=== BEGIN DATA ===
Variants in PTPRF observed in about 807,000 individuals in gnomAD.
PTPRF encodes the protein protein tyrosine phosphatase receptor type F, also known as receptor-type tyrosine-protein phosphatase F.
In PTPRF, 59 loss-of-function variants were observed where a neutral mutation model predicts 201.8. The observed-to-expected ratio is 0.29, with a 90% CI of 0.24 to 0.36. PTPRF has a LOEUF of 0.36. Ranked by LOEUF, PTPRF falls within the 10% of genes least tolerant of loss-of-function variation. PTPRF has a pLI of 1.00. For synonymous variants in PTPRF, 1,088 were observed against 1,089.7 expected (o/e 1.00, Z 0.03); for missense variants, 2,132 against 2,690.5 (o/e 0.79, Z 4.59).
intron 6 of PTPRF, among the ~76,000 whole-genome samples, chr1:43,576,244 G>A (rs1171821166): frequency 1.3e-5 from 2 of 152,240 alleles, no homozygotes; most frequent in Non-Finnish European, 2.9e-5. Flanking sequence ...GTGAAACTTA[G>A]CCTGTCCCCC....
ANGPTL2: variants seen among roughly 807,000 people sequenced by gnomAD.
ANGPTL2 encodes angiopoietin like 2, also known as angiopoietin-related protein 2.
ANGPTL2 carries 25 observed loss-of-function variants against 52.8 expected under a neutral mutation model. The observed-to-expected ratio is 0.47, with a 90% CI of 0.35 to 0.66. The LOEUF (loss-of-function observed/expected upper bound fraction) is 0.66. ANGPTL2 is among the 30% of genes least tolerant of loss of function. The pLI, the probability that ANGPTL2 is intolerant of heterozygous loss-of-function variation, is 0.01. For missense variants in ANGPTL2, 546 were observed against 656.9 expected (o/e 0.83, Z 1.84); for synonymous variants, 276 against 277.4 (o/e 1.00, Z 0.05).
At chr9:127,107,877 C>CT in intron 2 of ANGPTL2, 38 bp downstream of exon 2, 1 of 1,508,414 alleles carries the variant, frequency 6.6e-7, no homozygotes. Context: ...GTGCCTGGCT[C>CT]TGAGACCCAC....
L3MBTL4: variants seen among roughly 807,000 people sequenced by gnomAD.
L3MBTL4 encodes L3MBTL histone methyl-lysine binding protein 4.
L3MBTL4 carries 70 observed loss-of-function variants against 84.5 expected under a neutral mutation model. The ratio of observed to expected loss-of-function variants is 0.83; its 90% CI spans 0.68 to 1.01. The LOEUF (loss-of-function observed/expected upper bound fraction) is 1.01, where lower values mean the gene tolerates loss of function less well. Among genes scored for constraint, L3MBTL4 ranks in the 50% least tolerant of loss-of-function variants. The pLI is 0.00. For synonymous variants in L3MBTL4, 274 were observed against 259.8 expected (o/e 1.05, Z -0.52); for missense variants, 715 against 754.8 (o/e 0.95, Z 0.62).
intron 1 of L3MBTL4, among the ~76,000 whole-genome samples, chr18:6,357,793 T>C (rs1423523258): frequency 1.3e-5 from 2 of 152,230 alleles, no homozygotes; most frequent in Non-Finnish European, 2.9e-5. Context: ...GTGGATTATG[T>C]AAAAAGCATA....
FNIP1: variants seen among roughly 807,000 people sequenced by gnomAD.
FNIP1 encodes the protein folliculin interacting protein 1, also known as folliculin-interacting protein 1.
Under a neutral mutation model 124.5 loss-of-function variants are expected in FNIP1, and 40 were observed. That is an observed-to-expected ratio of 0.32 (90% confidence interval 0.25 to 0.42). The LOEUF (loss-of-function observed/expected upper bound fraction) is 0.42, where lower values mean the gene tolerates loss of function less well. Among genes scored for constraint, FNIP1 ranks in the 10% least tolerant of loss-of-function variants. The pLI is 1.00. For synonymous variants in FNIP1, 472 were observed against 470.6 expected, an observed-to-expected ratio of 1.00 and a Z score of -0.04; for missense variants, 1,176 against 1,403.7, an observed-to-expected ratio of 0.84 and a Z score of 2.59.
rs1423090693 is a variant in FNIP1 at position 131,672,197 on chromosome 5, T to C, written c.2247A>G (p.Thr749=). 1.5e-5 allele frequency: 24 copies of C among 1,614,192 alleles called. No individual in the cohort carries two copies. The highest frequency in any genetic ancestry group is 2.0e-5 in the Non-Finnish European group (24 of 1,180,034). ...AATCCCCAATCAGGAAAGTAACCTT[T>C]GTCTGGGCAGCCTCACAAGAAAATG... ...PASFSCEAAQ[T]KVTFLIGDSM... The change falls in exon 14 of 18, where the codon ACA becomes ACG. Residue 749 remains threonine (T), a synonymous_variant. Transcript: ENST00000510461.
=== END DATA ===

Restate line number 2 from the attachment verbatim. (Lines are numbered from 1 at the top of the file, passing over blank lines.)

PTPRF encodes the protein protein tyrosine phosphatase receptor type F, also known as receptor-type tyrosine-protein phosphatase F.